In mathematics, the German mathematician David Hilbert (1862 - 1943) presented the following paradox about infinity.

## The paradox of the Grand Hotel

In a hotel with a finite number of rooms, once it is full, no more guests can be accommodated. Now imagine a hotel with an infinite number of rooms. You might assume that the same problem will arise when all the rooms are taken. However, there is a way to solve this: if you move the guest occupying room 1 to room 2, the guest occupying room 2 to room 3, etc., you can fit the newcomer into room 1. Note that such a movement of guests would constitute a supertask.

It is even possible to make place for an **infinite** (countable) number of new clients: just move the person occupying room 1 to room 2, occupying room 2 to room 4, occupying room 3 to room 6, etc., and all the odd-numbered new rooms will be free for the new guests.

If an infinite (countable) number of coaches arrive, each with an infinite (countable) number of passengers, you can even deal with that: first empty the odd numbered rooms as above, then put the first coach's load in rooms 3^{n} for *n* = 1, 2, 3, ..., the second coach's load in rooms 5^{n} for *n* = 1, 2, ... and so on; for coach number *i* we use the rooms *p*^{n} where *p* is the *i+1*-st prime number. You can also solve the problem by looking at the license plate numbers on the coaches and the seat numbers for the passengers (if the seats are not numbered, number them). Regard the hotel as coach #0. Interleave the digits of the coach numbers and the seat numbers to get the room numbers for the guests. The guest in room number 1729 moves to room 1070209. The passenger on seat 8234 of coach 56719 goes to room 5068721394 of the hotel.

This state of affairs is not really paradoxical but just profoundly counterintuitive. It is difficult to come to grips with infinite 'collections of things', as their properties are quite different from the properties of ordinary 'collections of things'. In an ordinary hotel, the number of odd-numbered rooms is obviously smaller than the total number of rooms. However, in Hilbert's aptly named Grand Hotel the 'number' of odd-numbered rooms is as 'large' as the total 'number' of rooms. In mathematical terms, this would be expressed as follows: the cardinality of the subset containing the odd-numbered rooms is the same as the cardinality of the set of all rooms. In fact, infinite sets are characterized as sets that have proper subsets of the same cardinality. For countable sets this cardinality is called .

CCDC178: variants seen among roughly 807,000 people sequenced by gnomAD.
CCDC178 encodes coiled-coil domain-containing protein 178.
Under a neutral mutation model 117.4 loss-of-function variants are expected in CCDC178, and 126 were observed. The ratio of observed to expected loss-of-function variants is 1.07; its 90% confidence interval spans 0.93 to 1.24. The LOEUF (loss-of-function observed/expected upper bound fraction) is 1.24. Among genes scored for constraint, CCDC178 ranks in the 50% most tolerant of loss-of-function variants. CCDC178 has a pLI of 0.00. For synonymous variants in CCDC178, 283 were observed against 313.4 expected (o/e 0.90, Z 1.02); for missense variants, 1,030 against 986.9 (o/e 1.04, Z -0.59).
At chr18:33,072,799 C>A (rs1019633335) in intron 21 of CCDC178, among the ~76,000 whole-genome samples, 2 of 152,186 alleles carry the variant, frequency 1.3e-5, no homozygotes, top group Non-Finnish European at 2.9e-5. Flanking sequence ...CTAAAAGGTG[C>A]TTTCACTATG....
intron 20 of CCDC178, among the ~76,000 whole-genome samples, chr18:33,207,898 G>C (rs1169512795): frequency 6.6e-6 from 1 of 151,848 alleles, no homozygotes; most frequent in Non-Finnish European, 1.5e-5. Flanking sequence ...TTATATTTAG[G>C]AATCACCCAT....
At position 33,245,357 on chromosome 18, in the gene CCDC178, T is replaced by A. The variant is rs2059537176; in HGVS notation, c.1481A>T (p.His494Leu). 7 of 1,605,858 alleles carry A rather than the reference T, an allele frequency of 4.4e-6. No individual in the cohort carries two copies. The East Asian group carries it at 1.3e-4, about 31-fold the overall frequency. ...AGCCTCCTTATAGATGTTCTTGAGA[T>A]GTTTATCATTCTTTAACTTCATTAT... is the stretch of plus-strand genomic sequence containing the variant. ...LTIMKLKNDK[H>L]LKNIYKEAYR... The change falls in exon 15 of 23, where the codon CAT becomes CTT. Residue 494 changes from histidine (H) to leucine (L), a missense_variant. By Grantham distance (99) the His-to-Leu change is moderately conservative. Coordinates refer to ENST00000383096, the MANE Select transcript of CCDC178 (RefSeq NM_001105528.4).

An even stranger story regarding this hotel shows that mathematical induction only works in one direction. No cigars may be brought into the hotel. Yet each of the guests (all rooms had guests at the time) got a cigar while in the hotel. How is this? The guest in Room 1 got a cigar from the guest in Room 2. The guest in Room 2 had previously received two cigars from the guest in Room 3. The guest in Room 3 had previously received three cigars from the guest in Room 4, etc. Each guest kept one cigar and passed the remainder to the guest in the next-lower-numbered room.

### Application to the Cosmological Argument for the Existence of God

A number of defenders of the cosmological argument, among others William Lane Craig, for the existence of God have attempted to use Hilbert's hotel as an argument for the physical impossibility of the existence of an actual infinity. Their argument is that, although there is nothing mathematically impossible about the existence of the hotel (or any other infinite object), intuitively (they claim) we know that no such hotel could ever actually exist in reality, and that this intuition is a specific case of the broader intuition that no actual infinite could exist. They argue that a temporal sequence receeding infinitely into the past would constitute such an actual infinite.

However, the paradox of Hilbert's hotel involves not just an actual infinite, but also supertasks; it is unclear whether this claimed intuition is really the physical impossibility of an actual infinite, or merely the physical impossibility of a supertask. A causal chain receeding infinitely into the past need not involve any supertasks.

It should also be noted that the addition of guests to a full Hilbert's would require infinitely fast communication, in order for every guest to tell the next guest to move one up in a finite amount of time. Thus, a universe could contain an actual infinite hotel, but with a finite speed of light, and hence it would not be able to contain any more guests even if it was full.

This is debatable - if the infinite hotel was a single row of rooms, connected by a long hall, each new guest could be placed in the room nearest the front desk, and told to instruct the inhabitant of room 0 to move to room 1, and pass along a similiar message, in a way similar to the working of an infinite systolic array. Then, more guests could always be added - but at a rate limited by the walking speed of the guests, their ability to gather their possessions, etc. However, in that case, the hotel would always be overfull (in an overfull, the number of rooms has exhausted, but guests have been forced to share rooms, or some are deprived of rooms). And of course, you can add more guests to a full finite hotel as well, making it overfull.

## External link

- Welcome to the Hotel Infinity!
- The paradox told as a humorous narrative, featuring a hotel owner and a building contractor based on the feuding 19th-century mathematicians Georg Cantor and Leopold Kronecker

- Argument that Hilbert's paradox is not really paradoxical; criticism of Craig's use of it attack the possibility of an actual infinity